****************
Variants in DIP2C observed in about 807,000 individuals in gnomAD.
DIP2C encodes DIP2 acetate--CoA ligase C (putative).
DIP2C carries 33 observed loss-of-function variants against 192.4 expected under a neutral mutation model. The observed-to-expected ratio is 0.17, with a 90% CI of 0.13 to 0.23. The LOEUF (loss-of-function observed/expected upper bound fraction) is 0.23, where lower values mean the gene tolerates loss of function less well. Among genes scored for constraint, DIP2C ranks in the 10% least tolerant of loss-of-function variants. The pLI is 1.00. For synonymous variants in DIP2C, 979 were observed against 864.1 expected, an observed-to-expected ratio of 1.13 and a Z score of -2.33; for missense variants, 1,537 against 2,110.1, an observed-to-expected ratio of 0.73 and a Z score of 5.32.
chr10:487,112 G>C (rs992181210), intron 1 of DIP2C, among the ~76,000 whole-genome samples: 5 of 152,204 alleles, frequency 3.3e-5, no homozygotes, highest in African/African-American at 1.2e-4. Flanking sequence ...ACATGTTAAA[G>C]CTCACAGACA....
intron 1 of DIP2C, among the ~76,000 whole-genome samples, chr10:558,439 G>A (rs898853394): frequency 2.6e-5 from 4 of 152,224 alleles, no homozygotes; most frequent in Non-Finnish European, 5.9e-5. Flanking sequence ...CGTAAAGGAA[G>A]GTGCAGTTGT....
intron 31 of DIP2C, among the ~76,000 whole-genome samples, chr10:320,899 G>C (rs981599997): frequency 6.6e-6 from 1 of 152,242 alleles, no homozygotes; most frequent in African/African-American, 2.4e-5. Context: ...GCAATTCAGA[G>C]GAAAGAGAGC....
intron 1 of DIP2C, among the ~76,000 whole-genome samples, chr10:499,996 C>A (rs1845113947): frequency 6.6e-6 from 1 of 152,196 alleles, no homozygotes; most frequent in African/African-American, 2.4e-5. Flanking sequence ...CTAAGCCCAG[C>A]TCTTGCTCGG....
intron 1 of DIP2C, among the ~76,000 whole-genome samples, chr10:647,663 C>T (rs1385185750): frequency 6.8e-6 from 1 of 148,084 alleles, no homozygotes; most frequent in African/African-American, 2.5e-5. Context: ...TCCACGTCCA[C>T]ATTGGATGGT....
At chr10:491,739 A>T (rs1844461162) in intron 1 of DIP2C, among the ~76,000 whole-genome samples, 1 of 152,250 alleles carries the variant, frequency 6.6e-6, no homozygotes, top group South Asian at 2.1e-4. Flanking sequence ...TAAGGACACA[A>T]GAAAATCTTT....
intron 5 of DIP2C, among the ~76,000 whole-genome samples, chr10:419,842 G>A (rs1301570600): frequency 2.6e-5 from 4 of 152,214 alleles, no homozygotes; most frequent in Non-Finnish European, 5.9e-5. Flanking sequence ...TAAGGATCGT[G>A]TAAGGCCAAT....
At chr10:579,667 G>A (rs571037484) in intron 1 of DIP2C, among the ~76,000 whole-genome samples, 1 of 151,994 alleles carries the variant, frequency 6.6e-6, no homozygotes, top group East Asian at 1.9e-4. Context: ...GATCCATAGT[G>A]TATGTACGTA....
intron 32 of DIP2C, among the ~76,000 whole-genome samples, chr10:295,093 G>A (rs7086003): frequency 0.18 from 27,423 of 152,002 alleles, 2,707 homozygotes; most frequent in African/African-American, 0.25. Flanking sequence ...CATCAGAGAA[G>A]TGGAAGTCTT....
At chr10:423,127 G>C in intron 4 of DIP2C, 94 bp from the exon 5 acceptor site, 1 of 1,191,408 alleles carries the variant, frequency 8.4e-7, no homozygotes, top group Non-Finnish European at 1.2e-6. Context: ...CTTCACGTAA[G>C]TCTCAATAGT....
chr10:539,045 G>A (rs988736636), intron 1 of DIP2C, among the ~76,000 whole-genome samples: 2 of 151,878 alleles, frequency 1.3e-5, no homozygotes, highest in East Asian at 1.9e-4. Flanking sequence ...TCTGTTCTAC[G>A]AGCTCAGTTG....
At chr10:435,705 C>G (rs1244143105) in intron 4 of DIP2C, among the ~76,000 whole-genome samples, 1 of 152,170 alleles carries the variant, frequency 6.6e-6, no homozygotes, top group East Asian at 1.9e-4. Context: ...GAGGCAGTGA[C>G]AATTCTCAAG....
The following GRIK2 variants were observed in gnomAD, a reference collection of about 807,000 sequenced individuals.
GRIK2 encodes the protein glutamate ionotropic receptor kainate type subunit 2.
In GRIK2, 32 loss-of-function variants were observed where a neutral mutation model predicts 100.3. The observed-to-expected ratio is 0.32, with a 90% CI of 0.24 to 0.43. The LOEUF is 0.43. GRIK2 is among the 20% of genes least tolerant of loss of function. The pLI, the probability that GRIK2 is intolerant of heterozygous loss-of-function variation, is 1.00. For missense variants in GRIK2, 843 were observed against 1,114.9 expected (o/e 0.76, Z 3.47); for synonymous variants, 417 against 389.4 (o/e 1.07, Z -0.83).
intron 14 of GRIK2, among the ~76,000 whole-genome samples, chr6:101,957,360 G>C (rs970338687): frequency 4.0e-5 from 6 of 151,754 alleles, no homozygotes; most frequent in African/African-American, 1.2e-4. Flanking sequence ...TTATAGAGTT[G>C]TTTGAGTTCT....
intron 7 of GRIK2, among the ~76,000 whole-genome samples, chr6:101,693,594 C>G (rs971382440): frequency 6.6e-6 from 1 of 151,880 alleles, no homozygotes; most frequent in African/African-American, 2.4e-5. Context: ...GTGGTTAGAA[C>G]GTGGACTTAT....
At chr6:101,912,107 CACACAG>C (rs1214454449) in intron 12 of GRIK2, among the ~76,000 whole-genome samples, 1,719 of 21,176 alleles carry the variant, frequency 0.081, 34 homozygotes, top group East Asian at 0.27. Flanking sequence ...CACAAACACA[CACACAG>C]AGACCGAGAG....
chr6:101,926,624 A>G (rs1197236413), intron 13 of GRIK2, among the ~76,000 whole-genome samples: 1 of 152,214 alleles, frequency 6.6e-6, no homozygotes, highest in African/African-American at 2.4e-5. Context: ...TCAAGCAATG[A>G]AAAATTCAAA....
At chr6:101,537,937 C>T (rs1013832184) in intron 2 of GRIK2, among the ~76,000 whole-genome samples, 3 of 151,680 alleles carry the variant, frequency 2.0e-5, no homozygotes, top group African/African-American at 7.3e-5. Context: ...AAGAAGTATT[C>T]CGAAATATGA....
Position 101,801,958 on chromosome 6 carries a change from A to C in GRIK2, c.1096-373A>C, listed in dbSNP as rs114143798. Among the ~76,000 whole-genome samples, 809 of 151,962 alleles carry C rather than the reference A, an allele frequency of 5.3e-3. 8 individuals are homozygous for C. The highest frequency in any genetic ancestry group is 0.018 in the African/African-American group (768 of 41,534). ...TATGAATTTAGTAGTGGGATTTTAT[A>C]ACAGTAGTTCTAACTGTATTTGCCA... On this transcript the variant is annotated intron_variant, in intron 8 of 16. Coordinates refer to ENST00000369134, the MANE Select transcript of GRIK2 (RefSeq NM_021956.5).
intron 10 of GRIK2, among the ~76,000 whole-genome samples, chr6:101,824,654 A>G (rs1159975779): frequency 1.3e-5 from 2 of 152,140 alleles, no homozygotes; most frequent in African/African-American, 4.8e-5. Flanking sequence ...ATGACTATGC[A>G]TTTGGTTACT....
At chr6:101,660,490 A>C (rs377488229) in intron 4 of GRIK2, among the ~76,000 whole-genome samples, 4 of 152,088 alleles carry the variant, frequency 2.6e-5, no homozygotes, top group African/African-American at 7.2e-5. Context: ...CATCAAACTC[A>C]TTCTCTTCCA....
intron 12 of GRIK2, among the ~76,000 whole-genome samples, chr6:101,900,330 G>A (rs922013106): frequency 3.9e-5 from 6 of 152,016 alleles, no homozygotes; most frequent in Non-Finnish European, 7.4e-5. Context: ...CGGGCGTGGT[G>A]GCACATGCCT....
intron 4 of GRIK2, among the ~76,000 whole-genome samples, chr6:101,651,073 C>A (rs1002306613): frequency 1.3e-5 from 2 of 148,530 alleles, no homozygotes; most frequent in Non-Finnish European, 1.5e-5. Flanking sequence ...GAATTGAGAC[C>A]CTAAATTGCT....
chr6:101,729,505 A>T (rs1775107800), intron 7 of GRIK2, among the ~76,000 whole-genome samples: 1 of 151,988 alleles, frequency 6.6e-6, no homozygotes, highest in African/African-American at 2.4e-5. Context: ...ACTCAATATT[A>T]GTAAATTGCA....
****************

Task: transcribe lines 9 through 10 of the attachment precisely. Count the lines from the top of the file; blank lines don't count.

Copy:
At chr10:491,739 A>T (rs1844461162) in intron 1 of DIP2C, among the ~76,000 whole-genome samples, 1 of 152,250 alleles carries the variant, frequency 6.6e-6, no homozygotes, top group South Asian at 2.1e-4. Flanking sequence ...TAAGGACACA[A>T]GAAAATCTTT....
intron 5 of DIP2C, among the ~76,000 whole-genome samples, chr10:419,842 G>A (rs1301570600): frequency 2.6e-5 from 4 of 152,214 alleles, no homozygotes; most frequent in Non-Finnish European, 5.9e-5. Flanking sequence ...TAAGGATCGT[G>A]TAAGGCCAAT....